I tend to liking simple things, and to suspicion of big “enterprisey” software frameworks. I am dimly aware that up in the clouds there are platforms built on platforms built on platforms built on Java, towering edifices where acronyms like “JBI” and “ESB” and “SCA” live. Except for, I could never figure out what they actually, you know, did. Let’s be honest; the complexity and the high-level arm-waving about “Integration” scared me away and I never really tried. Well, I’ve stumbled into a closer look and am beginning to think there’s some there there.

I’ve been talking to Andi Egloff, who lives up there among the floating acronyms in these enterprisey clouds. I asked “Well, what does this software actually do?” After some talk he said “Let me show you what we’re working on.” Showing is so much better than telling.

They’re calling their work-in-progress “Fuji”. Here’s a screencast where they hook together an RSS feed, an XMPP stream, and a log-file, with an interposing a Ruby filter, using Fuji and a bit of DSL voodoo.

They’re also thinking of a visual interface; here’s the same logic, only with little boxes and arrows instead of DSLs. Personally I prefer the DSL.

It’s all based on OSGI, hmmm.

Now, in a world that already has Yahoo Pipes and simple Ruby POP-to-Twitter mashups, one wonders if you need a big honking Java howitzer to squish this particular ant.

So I asked Andi that, and he said “Yes, but then with JBI you can also talk to ESBs and other traditional enterprise integration points”. Which I’m not sure that YPipes or little Ruby scripts are built for. I asked him to show me that and he said they’re going to. I’m interested; stay tuned.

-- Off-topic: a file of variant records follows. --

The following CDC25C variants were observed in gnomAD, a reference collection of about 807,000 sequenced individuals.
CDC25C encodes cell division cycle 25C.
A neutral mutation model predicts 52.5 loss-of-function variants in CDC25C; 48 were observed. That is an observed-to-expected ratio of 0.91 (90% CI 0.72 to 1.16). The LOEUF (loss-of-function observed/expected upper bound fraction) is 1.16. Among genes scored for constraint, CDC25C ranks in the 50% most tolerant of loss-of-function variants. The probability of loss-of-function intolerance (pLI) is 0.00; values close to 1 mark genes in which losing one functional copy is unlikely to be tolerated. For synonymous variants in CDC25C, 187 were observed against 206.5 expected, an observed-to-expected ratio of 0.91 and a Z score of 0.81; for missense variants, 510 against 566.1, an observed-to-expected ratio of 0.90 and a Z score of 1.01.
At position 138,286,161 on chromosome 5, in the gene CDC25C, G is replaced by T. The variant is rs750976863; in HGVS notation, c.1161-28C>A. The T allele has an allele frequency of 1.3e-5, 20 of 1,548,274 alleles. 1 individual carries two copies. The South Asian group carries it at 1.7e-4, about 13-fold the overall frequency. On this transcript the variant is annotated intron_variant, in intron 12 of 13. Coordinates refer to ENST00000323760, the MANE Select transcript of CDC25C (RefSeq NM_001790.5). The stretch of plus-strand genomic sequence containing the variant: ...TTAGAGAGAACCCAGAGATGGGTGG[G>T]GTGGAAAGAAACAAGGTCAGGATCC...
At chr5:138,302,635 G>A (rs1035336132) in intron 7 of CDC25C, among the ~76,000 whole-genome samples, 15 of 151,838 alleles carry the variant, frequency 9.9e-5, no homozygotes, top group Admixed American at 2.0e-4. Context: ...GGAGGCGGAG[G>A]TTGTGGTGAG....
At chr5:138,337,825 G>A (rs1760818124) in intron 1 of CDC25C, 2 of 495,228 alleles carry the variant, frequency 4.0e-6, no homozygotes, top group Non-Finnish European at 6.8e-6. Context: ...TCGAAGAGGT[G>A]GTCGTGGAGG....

Comment feed for ongoing:Comments feed

From: ed (Jun 02 2008, at 13:04)

is it april 1st?

you can talk to esbs with rest and http, too. jbi is a train wreck. run away.


From: Daniel Haran (Jun 02 2008, at 15:15)

That was astonishing, and brought back so many bad memories.

Secondly, that application was far too complicated for what it was. Why can't I do:

get -t 20 "http://rss.cnn.com/feed.xml" | grep "buffet" | file '/tmp/archive.xml'

tail '/tmp/archive.xml' | im -from "bot@sun.com:pass" "me@gmail.com"

Feed entries are the standard in of the web. We shouldn't have to write software to deal with them.

I was also suprised Netbeans didn't indent a do / end block properly; that's pretty ghetto.


From: Tony Fisk (Jun 02 2008, at 17:25)

This is a good example of what I call the 'middle man' anti-pattern.

(ie middle men are often essential for getting the details of a complex activity working smoothly, but one sometimes has to ask just how complicated the activity needs to be, and rather too often the response comes in the form of priestly incantations and obscure acronyms... I sometimes think that half of being certified consists of knowing the jargon!)

eg: for a long time, I was vaguely aware of this impressive sounding webby thing called AJAX. It wasn't until I actually started using it that I realised it was a callback principle familiar to anyone used to working with client-server architectures.

...but up 'till then, it sure sounded impressive! (and still very handy!)


From: Keith Babo (Jun 02 2008, at 17:28)

Hi Daniel,

First, as one of the folks responsible for Fuji, I want to apologize for bringing back bad memories. I promise that was not one of our design goals when the project started. ;-)